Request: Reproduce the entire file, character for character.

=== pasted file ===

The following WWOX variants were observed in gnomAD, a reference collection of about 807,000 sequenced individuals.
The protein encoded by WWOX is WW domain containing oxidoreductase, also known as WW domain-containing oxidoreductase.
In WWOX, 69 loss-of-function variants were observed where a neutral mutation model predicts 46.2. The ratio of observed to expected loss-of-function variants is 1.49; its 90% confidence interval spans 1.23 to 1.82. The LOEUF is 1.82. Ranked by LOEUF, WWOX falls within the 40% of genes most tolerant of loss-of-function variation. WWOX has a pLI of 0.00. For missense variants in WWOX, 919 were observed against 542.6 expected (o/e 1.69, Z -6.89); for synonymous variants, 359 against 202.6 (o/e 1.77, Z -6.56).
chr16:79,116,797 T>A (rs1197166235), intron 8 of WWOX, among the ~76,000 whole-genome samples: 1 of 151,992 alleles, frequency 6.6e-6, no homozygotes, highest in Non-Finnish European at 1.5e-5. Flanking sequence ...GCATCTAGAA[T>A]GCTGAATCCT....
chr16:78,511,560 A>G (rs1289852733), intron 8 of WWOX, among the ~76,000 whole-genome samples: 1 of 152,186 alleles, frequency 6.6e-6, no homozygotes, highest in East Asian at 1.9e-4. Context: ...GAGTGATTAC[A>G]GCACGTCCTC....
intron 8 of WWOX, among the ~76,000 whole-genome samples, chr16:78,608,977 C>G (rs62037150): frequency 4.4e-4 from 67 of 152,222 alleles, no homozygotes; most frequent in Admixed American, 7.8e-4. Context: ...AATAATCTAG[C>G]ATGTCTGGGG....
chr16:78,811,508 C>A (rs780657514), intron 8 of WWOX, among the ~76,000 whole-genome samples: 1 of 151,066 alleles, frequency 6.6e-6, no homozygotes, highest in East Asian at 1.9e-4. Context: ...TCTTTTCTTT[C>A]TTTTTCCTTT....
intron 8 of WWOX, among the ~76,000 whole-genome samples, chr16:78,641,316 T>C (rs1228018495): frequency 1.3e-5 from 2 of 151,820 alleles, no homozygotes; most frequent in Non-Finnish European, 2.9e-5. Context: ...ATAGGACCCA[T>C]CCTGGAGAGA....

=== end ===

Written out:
The following WWOX variants were observed in gnomAD, a reference collection of about 807,000 sequenced individuals.
The protein encoded by WWOX is WW domain containing oxidoreductase, also known as WW domain-containing oxidoreductase.
In WWOX, 69 loss-of-function variants were observed where a neutral mutation model predicts 46.2. The ratio of observed to expected loss-of-function variants is 1.49; its 90% confidence interval spans 1.23 to 1.82. The LOEUF is 1.82. Ranked by LOEUF, WWOX falls within the 40% of genes most tolerant of loss-of-function variation. WWOX has a pLI of 0.00. For missense variants in WWOX, 919 were observed against 542.6 expected (o/e 1.69, Z -6.89); for synonymous variants, 359 against 202.6 (o/e 1.77, Z -6.56).
chr16:79,116,797 T>A (rs1197166235), intron 8 of WWOX, among the ~76,000 whole-genome samples: 1 of 151,992 alleles, frequency 6.6e-6, no homozygotes, highest in Non-Finnish European at 1.5e-5. Flanking sequence ...GCATCTAGAA[T>A]GCTGAATCCT....
chr16:78,511,560 A>G (rs1289852733), intron 8 of WWOX, among the ~76,000 whole-genome samples: 1 of 152,186 alleles, frequency 6.6e-6, no homozygotes, highest in East Asian at 1.9e-4. Context: ...GAGTGATTAC[A>G]GCACGTCCTC....
intron 8 of WWOX, among the ~76,000 whole-genome samples, chr16:78,608,977 C>G (rs62037150): frequency 4.4e-4 from 67 of 152,222 alleles, no homozygotes; most frequent in Admixed American, 7.8e-4. Context: ...AATAATCTAG[C>G]ATGTCTGGGG....
chr16:78,811,508 C>A (rs780657514), intron 8 of WWOX, among the ~76,000 whole-genome samples: 1 of 151,066 alleles, frequency 6.6e-6, no homozygotes, highest in East Asian at 1.9e-4. Context: ...TCTTTTCTTT[C>A]TTTTTCCTTT....
intron 8 of WWOX, among the ~76,000 whole-genome samples, chr16:78,641,316 T>C (rs1228018495): frequency 1.3e-5 from 2 of 151,820 alleles, no homozygotes; most frequent in Non-Finnish European, 2.9e-5. Context: ...ATAGGACCCA[T>C]CCTGGAGAGA....